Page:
Also, they should all have wi-fi and proper smoke-free sections. I hate it when going to izakaiya and the minute we get our food, the table next to us lights up. I always need to wash my clothes or spray them like crazy after a night out (pre-pandemic of course). Lastly, the food at Watami isn't that good and is kind of over priced for what you get. I can see why they're struggling.

But, I don't think the culture of going out with co-workers will ever end here, it's just on pause. The customers will return eventually.

8 ( +9 / -1 )

I'm with Wobot.

Time for innovation.

Looking forward to it.

0 ( +3 / -3 )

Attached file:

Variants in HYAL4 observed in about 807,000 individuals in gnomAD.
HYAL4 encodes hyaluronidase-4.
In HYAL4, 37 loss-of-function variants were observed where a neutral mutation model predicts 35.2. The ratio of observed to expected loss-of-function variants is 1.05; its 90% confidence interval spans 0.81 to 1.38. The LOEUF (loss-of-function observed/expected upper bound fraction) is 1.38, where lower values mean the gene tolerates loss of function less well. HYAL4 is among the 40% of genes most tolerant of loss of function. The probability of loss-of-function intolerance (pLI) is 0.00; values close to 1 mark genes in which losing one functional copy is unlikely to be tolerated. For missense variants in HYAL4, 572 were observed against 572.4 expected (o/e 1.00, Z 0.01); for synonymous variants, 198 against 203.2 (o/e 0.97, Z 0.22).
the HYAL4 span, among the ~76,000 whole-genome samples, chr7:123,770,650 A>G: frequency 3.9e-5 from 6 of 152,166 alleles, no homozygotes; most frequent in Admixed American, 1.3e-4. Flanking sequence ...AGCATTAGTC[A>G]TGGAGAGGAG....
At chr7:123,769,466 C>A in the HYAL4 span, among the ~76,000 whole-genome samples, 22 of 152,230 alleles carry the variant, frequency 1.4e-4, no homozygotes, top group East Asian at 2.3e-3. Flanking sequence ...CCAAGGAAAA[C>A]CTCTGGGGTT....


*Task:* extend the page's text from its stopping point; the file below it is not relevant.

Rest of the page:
You won't get indies paying high wages or smoke-free establishments either. If the chains can't make a sustainable profit, nobody can.

The units will be boarded up and people will sit at home alone in their apartments getting drunk.

With fewer places to meet and socialise, more people will make their own coffee, cook for themselves and remain single, the birth rate will decline and the suicide rate will increase.

4 ( +4 / -0 )

Who cares about the tax-dodging, low-paying, low quality chains? It's a chance for independent businesses to move in instead

If you think independent businesses have a better chance to survive than the chains you are going to have a terrible shock in the near future.

1 ( +5 / -4 )

Or……maybe they could adapt and make more open air establishments. Wider areas. Rooftop settings. Better take out and delivery options………just a thought.

Exactly. Also more Koshitsu 個室 (private rooms) might help too..